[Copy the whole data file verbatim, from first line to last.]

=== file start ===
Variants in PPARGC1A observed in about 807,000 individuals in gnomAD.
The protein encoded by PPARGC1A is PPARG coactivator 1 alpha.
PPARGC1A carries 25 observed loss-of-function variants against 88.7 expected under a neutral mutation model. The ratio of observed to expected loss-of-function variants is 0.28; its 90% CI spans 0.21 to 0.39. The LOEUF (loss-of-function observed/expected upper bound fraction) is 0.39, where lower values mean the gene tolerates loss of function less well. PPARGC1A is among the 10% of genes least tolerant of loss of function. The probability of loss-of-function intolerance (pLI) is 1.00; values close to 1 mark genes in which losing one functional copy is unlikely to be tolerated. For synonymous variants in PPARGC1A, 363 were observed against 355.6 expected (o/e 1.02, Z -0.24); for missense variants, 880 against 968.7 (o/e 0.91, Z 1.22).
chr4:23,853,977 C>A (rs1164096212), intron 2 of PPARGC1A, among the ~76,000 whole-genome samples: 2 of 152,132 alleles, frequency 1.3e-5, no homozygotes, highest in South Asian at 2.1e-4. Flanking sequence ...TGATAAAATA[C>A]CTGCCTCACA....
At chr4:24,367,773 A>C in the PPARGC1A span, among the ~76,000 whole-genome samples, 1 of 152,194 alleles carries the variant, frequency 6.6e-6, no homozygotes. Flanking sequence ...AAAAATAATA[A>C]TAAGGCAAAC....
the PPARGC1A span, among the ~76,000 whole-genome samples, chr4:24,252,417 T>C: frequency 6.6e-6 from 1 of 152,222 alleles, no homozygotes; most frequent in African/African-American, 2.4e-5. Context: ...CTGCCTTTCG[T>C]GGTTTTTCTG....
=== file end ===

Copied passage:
Variants in PPARGC1A observed in about 807,000 individuals in gnomAD.
The protein encoded by PPARGC1A is PPARG coactivator 1 alpha.
PPARGC1A carries 25 observed loss-of-function variants against 88.7 expected under a neutral mutation model. The ratio of observed to expected loss-of-function variants is 0.28; its 90% CI spans 0.21 to 0.39. The LOEUF (loss-of-function observed/expected upper bound fraction) is 0.39, where lower values mean the gene tolerates loss of function less well. PPARGC1A is among the 10% of genes least tolerant of loss of function. The probability of loss-of-function intolerance (pLI) is 1.00; values close to 1 mark genes in which losing one functional copy is unlikely to be tolerated. For synonymous variants in PPARGC1A, 363 were observed against 355.6 expected (o/e 1.02, Z -0.24); for missense variants, 880 against 968.7 (o/e 0.91, Z 1.22).
chr4:23,853,977 C>A (rs1164096212), intron 2 of PPARGC1A, among the ~76,000 whole-genome samples: 2 of 152,132 alleles, frequency 1.3e-5, no homozygotes, highest in South Asian at 2.1e-4. Flanking sequence ...TGATAAAATA[C>A]CTGCCTCACA....
At chr4:24,367,773 A>C in the PPARGC1A span, among the ~76,000 whole-genome samples, 1 of 152,194 alleles carries the variant, frequency 6.6e-6, no homozygotes. Flanking sequence ...AAAAATAATA[A>C]TAAGGCAAAC....
the PPARGC1A span, among the ~76,000 whole-genome samples, chr4:24,252,417 T>C: frequency 6.6e-6 from 1 of 152,222 alleles, no homozygotes; most frequent in African/African-American, 2.4e-5. Context: ...CTGCCTTTCG[T>C]GGTTTTTCTG....